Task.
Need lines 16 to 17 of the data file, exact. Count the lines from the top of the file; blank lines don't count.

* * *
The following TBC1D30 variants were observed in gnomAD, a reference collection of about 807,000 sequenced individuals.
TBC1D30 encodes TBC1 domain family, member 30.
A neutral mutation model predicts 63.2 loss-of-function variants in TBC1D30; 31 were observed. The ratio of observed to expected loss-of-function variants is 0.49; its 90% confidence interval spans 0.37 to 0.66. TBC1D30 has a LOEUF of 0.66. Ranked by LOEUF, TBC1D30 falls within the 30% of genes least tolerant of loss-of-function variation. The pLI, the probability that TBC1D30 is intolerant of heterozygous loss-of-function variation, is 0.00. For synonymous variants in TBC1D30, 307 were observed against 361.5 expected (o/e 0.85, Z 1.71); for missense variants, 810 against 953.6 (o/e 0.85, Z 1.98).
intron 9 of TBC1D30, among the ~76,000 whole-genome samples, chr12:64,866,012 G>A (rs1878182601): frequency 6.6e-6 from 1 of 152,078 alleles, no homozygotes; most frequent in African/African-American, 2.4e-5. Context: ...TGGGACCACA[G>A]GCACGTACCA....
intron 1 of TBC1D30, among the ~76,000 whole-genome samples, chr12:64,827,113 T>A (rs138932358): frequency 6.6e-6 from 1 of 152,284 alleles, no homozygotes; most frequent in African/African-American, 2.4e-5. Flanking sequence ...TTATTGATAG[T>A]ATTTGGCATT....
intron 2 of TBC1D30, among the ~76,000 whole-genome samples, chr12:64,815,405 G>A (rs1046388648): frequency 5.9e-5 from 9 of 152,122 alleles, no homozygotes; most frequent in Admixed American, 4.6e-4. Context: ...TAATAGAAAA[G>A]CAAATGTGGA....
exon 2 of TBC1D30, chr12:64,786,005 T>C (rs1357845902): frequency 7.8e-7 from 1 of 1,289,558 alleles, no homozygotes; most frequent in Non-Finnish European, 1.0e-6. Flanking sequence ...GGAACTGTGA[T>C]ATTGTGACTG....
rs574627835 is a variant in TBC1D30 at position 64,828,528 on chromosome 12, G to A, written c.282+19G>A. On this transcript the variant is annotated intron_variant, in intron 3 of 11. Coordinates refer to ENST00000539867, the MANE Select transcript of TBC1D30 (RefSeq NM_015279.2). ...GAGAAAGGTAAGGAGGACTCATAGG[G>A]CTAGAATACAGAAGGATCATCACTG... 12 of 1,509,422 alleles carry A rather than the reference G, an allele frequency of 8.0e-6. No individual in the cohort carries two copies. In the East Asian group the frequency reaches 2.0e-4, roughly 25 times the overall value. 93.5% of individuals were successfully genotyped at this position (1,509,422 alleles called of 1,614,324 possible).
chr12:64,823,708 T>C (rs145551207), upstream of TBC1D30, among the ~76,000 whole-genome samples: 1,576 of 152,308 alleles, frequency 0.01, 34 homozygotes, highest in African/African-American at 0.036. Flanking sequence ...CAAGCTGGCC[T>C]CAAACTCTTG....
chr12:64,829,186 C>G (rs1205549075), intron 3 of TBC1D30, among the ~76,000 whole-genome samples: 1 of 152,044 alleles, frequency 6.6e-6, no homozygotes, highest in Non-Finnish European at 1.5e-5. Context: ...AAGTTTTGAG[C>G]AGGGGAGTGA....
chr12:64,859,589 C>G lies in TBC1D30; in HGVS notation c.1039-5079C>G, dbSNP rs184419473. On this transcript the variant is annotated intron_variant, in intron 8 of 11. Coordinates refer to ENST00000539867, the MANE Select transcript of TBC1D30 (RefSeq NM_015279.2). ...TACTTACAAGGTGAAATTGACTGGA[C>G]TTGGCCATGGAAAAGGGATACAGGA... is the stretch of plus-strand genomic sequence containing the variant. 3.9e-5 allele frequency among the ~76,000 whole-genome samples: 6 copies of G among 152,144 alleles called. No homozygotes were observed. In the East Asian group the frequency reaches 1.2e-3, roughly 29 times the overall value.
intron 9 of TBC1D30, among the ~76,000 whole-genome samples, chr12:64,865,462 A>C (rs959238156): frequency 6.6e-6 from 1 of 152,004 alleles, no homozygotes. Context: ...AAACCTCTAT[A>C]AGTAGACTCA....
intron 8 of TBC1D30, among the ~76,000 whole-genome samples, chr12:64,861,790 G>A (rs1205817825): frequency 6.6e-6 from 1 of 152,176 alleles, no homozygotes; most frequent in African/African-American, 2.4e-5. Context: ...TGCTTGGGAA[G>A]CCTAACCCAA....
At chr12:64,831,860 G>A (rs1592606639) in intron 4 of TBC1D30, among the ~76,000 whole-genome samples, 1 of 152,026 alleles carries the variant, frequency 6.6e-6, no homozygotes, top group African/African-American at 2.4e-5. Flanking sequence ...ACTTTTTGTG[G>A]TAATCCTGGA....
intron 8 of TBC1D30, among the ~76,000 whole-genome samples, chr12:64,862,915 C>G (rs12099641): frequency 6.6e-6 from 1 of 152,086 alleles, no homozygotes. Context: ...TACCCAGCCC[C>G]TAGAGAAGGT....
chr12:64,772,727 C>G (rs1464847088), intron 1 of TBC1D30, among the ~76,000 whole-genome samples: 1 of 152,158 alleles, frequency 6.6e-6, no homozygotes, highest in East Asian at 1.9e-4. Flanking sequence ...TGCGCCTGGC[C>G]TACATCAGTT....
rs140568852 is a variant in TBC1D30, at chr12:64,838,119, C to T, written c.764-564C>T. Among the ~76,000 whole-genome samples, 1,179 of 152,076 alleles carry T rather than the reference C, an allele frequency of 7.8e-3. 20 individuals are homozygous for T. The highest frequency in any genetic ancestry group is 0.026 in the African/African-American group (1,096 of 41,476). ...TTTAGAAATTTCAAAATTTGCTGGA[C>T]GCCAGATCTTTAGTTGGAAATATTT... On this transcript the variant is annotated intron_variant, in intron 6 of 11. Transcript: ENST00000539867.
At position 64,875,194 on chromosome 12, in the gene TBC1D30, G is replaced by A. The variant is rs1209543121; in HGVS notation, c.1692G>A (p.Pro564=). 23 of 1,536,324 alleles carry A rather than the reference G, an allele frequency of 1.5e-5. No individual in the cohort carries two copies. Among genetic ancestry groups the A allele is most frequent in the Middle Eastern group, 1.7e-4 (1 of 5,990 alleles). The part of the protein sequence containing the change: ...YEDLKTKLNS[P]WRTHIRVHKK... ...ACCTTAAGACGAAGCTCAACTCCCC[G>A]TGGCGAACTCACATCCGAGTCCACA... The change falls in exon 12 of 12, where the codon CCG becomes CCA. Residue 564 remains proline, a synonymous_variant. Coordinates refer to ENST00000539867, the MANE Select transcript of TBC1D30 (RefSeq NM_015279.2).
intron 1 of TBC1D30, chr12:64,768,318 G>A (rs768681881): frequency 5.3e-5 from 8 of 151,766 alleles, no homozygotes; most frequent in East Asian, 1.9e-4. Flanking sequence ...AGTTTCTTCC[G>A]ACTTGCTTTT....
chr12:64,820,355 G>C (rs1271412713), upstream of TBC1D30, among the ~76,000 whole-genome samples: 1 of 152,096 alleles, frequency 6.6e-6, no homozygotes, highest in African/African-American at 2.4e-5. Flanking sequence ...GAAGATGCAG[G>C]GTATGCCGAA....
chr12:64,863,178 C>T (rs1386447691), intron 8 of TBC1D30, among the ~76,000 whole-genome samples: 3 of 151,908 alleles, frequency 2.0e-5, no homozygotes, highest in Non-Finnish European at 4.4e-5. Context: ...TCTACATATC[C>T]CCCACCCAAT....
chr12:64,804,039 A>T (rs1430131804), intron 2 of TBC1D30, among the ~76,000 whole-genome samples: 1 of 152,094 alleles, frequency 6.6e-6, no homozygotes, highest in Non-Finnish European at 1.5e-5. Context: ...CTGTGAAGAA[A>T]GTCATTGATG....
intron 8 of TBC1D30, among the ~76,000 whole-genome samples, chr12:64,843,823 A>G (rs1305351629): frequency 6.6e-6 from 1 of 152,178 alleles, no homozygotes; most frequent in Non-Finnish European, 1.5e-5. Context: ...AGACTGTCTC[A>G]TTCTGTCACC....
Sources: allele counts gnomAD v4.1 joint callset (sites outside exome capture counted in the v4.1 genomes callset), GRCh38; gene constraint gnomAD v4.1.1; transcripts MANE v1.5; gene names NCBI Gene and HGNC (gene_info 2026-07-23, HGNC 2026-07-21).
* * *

chr12:64,772,727 C>G (rs1464847088), intron 1 of TBC1D30, among the ~76,000 whole-genome samples: 1 of 152,158 alleles, frequency 6.6e-6, no homozygotes, highest in East Asian at 1.9e-4. Flanking sequence ...TGCGCCTGGC[C>G]TACATCAGTT....
rs140568852 is a variant in TBC1D30, at chr12:64,838,119, C to T, written c.764-564C>T. Among the ~76,000 whole-genome samples, 1,179 of 152,076 alleles carry T rather than the reference C, an allele frequency of 7.8e-3. 20 individuals are homozygous for T. The highest frequency in any genetic ancestry group is 0.026 in the African/African-American group (1,096 of 41,476). ...TTTAGAAATTTCAAAATTTGCTGGA[C>T]GCCAGATCTTTAGTTGGAAATATTT... On this transcript the variant is annotated intron_variant, in intron 6 of 11. Transcript: ENST00000539867.